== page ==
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Paying For Second Semester Could Be Tough For College Students

February 24, 2009

Paying for second semester could be tough for college students. Overall, it seems most students made it through the first semester, even though loans were harder to find and many loan disbursements were delayed or cancelled.

Students might not be so lucky next semester.

Since August, the credit crisis has grown much worse and so has the economic situation for families across the country. Many families will enter second semester with exhausted savings accounts, extremely limited access to home equity lines of credit and severely depleted retirement accounts – not to mention those parents that have recently lost employment.

Although students shouldn't have problems accessing their federal student loan dollars, some parents who have gone through recent economic problems may not qualify for Parent PLUS Loans (there is credit criteria related to bankruptcy, delinquencies and defaults on other federal student loan debts). Recent mortgage delinquencies or bankruptcy will prevent some parents from accessing parent loans under the current PLUS criteria.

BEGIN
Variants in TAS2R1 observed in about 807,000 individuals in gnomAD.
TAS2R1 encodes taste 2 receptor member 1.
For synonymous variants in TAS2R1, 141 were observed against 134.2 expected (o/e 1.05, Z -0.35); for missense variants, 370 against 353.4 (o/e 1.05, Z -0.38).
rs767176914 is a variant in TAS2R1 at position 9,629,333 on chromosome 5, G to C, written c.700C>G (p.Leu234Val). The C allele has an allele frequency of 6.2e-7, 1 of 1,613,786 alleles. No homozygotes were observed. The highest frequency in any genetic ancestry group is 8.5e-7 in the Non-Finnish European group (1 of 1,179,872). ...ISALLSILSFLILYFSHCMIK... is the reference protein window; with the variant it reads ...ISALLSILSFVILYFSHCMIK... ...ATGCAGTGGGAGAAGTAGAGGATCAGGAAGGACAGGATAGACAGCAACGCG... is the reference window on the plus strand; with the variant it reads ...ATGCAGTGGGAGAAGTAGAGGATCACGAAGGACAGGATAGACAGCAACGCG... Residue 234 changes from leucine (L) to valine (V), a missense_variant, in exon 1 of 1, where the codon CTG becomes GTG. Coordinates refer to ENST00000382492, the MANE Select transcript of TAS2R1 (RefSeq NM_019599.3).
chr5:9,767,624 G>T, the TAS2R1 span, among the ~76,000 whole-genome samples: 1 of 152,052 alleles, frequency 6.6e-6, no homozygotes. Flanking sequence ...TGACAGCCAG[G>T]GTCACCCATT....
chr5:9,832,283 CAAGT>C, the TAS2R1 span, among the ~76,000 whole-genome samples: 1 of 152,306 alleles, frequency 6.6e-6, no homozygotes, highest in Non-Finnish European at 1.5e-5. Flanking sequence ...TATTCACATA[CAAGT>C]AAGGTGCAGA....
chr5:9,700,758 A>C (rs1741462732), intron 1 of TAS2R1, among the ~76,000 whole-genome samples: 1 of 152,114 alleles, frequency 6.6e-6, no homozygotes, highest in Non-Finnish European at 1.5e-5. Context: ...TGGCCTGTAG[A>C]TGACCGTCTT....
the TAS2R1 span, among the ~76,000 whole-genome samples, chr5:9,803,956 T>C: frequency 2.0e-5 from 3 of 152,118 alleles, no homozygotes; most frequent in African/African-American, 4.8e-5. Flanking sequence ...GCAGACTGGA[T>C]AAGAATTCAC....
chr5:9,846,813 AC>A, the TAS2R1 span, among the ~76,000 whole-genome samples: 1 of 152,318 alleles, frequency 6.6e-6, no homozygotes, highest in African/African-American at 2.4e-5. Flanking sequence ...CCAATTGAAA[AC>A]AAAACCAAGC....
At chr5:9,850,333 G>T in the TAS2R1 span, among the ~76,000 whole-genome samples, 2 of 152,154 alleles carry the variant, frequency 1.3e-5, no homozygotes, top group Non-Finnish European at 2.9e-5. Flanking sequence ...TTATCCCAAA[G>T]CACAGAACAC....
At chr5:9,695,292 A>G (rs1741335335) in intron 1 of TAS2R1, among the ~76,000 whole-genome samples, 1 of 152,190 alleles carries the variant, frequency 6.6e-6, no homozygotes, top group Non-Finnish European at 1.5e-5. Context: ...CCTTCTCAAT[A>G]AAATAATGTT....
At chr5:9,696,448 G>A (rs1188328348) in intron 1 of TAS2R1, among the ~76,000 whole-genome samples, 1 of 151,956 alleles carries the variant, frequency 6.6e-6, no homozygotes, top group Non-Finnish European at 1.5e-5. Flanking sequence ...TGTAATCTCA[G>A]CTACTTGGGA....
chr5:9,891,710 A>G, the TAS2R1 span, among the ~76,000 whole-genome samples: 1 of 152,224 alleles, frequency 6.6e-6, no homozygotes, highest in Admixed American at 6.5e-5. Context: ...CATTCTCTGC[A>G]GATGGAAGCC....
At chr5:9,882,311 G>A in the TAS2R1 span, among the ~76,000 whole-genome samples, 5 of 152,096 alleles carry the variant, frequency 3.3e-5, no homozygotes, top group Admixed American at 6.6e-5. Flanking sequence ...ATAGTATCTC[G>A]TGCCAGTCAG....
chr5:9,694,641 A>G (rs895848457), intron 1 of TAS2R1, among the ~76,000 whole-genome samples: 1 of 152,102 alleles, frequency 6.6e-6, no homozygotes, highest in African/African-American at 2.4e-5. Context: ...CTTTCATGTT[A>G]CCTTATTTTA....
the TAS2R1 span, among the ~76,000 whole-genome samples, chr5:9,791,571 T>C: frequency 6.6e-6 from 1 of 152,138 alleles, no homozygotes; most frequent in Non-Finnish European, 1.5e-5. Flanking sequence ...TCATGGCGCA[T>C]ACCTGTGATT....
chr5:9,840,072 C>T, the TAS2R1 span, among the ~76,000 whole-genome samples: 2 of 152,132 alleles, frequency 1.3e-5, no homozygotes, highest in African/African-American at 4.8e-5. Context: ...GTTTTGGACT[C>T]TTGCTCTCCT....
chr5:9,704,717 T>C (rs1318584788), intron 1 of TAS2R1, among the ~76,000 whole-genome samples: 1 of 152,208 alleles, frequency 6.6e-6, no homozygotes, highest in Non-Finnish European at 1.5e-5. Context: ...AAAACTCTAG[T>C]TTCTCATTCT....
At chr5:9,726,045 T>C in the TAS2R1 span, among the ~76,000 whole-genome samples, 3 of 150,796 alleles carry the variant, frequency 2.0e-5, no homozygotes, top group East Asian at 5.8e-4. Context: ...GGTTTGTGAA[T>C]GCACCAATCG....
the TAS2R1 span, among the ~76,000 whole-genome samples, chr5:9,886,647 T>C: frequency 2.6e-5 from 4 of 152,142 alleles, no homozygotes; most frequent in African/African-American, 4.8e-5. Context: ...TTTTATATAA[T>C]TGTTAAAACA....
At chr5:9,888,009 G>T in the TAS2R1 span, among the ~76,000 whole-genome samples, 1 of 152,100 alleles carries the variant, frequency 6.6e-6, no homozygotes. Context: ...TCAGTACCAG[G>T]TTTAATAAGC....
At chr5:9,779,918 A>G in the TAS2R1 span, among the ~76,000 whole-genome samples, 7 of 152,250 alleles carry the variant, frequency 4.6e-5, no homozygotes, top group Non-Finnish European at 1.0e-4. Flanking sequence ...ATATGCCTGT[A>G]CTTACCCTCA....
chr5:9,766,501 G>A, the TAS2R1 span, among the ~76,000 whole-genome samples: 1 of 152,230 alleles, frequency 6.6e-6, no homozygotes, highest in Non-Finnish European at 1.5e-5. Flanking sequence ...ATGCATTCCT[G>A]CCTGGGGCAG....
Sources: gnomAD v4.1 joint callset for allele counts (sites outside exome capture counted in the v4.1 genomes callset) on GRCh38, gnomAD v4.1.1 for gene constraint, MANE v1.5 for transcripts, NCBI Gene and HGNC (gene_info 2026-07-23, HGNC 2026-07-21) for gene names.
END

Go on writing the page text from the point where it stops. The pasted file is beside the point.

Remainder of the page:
If you were previously using private student loans to fill the gap that free money and federal loans won't cover, expect it to be much more difficult to secure that money next semester. Even parents in good financial standing will find it much more difficult to co-sign for a private student loan now, given that lenders are scarce and credit criteria has grown increasingly strict. Just another reason why it's important to plan for second semester costs early this year. Here is a short list of second semester financing tips:

  1. Maximize all of your federal loan options
    Make sure you understand federal student loan options and borrowing limits for undergraduates, graduates and parents.
  2. Start looking for a lender now
    Whether you're taking out federal loans, private loans or both to cover your second semester costs, complete the application process as early as possible this year.
  3. Utilize work study money
    If you were granted federal work study money, be sure to check with your school for open positions. The jobs are usually on or near campus and they are designed to work around your school schedule. If you don't qualify for federal work study, but still need a small income, consider short-term holiday employment or a flexible part-time job.
  4. Talk to your school
    Ask your school's financial aid office about all of your financial aid options, including payment plans, scholarships only available through the school, etc. As a reminder, many financial aid offices are closed over the holidays so contact them immediately.